When a person is in the middle of their wedding planning, they have a lot of decisions to make in order to have the day they’re dreaming of.
Unfortunately, some people feel entitled to be a part of that day.
But it’s up to the bride and groom who’s involved, pointed out the “Am I the A**hole?” (AITA) subReddit.
Redditor Outside_Yesterday_12 recently had to figure out the most courteous way to explain to a family member that they would be hiring services from someone outside the family.
But when she received pushback for this, the Original Poster (OP) wondered if she said the wrong thing.
She asked the sub:
“AITA for not hiring my SO’s (significant other’s) cousin?”
The OP planned her wedding carefully.
“I (28 [Female]) have been together with SO (significant other) (31 [Male]) for five years.”
“SO proposed to me last year and we’ve started planning our wedding right then, just to try and keep stress levels low.”
“Now the wedding isn’t far off and planning is mostly finished. One of the things I’ve thought a lot about is the food situation because there’ll be lots of mouths to feed (his family is BIG.)”
“One of my best friends suggested a caterer she’d hired for her own wedding and they’re literally perfect: not too expensive but good quality, very friendly through the whole process, and super helpful in planning out the buffet and doing taste-testings.”
“They also offer vegan options (my sister and her SO are vegan, as are a few friends).”
“Together with the bakery that’ll do our wedding cake and a sweets bar, I think it’ll be really perfect!”
But it turned out there was someone else making plans in the background.
“Now Saturday, only a couple of weeks before the wedding, SO and I went to have lunch with my inlaws.”
“To our surprise, Kathy (37 [Female]) was there, too. Kathy is one of those cousins I’m not really close to – we only see each other at family gatherings.”
“During lunch, our wedding came up, and after a while, Kathy asked SO what our plans for food are because she needs to know soon.”
“I was a bit confused, but I told her about the catering service I hired and asked her why she wanted to know.”
“Well, turns out our dear Kathy thought it was a given that we’d hire her for the food.”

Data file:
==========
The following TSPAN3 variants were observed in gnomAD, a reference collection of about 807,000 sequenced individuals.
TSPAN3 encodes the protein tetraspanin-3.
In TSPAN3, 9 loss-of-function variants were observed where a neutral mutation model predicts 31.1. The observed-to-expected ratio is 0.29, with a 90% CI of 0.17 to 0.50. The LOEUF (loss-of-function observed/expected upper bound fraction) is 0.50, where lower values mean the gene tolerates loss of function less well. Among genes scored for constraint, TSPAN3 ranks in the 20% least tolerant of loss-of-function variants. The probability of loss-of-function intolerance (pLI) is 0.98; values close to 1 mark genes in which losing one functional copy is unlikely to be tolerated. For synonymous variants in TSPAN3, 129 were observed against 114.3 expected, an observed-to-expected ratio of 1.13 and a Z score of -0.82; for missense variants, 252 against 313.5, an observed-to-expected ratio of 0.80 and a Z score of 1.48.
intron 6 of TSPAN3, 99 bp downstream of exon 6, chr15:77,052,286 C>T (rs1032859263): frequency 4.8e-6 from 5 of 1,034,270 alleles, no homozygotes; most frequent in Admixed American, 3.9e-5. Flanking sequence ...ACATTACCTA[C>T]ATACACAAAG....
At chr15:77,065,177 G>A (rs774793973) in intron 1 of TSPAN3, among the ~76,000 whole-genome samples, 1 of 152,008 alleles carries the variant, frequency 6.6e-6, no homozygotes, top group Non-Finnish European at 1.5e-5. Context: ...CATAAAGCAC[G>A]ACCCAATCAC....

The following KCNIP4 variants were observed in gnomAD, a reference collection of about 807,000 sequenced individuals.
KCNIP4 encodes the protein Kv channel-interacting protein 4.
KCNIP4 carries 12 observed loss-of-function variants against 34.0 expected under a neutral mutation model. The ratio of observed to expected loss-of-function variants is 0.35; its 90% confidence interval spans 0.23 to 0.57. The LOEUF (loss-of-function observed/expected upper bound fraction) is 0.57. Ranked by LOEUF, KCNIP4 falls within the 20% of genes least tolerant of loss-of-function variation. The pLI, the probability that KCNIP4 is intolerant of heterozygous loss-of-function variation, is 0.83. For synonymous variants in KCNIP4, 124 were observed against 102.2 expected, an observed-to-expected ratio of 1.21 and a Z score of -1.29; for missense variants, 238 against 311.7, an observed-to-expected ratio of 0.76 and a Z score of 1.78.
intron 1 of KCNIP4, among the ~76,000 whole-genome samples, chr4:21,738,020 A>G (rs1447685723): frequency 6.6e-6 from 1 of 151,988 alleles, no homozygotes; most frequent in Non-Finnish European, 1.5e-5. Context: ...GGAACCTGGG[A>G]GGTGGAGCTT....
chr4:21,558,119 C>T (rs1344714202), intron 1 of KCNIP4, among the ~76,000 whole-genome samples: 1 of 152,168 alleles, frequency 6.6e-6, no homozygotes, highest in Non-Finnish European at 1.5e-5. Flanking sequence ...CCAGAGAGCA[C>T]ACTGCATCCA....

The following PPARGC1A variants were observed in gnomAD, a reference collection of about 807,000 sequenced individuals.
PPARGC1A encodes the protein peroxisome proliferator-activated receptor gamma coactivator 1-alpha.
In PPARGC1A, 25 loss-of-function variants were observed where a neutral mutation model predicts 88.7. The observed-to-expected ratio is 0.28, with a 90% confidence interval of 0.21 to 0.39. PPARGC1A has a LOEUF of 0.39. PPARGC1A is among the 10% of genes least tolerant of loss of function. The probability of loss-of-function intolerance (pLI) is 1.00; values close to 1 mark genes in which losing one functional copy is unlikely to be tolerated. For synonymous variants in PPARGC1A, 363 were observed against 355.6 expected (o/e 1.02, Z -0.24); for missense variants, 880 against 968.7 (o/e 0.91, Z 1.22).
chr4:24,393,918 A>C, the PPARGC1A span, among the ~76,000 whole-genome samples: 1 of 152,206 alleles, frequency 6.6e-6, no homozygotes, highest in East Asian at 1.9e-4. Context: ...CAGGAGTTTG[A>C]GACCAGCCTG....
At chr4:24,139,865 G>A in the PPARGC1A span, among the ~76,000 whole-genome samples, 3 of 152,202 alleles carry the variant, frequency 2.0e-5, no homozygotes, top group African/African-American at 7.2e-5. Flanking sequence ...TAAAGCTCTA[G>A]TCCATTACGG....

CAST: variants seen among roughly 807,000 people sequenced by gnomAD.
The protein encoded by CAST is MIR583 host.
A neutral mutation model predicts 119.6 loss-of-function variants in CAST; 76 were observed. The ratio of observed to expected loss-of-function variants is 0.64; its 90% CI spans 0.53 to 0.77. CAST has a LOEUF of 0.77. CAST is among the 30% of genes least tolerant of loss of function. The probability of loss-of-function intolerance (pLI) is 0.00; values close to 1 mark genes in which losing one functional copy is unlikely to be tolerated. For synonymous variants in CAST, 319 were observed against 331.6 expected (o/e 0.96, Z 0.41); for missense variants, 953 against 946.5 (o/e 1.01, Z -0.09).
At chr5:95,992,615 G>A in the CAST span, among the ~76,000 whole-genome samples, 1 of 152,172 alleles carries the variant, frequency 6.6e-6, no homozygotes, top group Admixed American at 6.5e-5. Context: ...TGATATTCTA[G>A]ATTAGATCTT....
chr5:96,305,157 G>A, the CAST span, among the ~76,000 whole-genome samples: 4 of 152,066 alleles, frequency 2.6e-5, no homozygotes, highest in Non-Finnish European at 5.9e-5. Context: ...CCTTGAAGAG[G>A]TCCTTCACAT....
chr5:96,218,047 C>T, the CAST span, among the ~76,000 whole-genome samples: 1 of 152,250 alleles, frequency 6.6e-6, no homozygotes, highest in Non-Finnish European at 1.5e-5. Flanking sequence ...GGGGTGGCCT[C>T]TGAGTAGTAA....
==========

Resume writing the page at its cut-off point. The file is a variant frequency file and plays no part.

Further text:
“See, Kathy has her own catering service, but it’s a tiny business, so I kind of never even thought about asking her.”
“She was clearly annoyed about my decision (I made it clear it was mine because she tried to question SO about it, who, bless him, would be okay with cold potatoes for a meal) and said that we should’ve told her that and that it should be family first and she’d been looking forward to it and had already drawn up food plans.”
“I tried to give her my reasoning, but I admit, I was getting annoyed at her as well for just assuming and then getting p**sed because she assumed wrongly.”
“I told her that she could’ve come forward if she wanted to cater for us and that the decision is final and I won’t change my mind about it.”
The OP wasn’t sure what to do after this confrontation.
“She left after lunch, clearly angry at me.”
“Both my inlaws and SO told me that I’ve done nothing wrong, but FiL (father-in-law) also suggested I could hire Kathy for some extra dishes since it’s buffet-style and we can afford it (my parents are throwing a lot of money at us for our wedding).”
“But honestly, after her attitude, I don’t want to.”
“She’s SO’s cousin, though, and I think she might also be struggling with her catering service and could use the work?”
“AITA for not wanting to hire her for my wedding even though it wouldn’t cost me much?”
Fellow Redditors weighed in:
- NTA: Not the A**hole
- YTA: You’re the A**hole
- ESH: Everybody Sucks Here
- NAH: No A**holes Here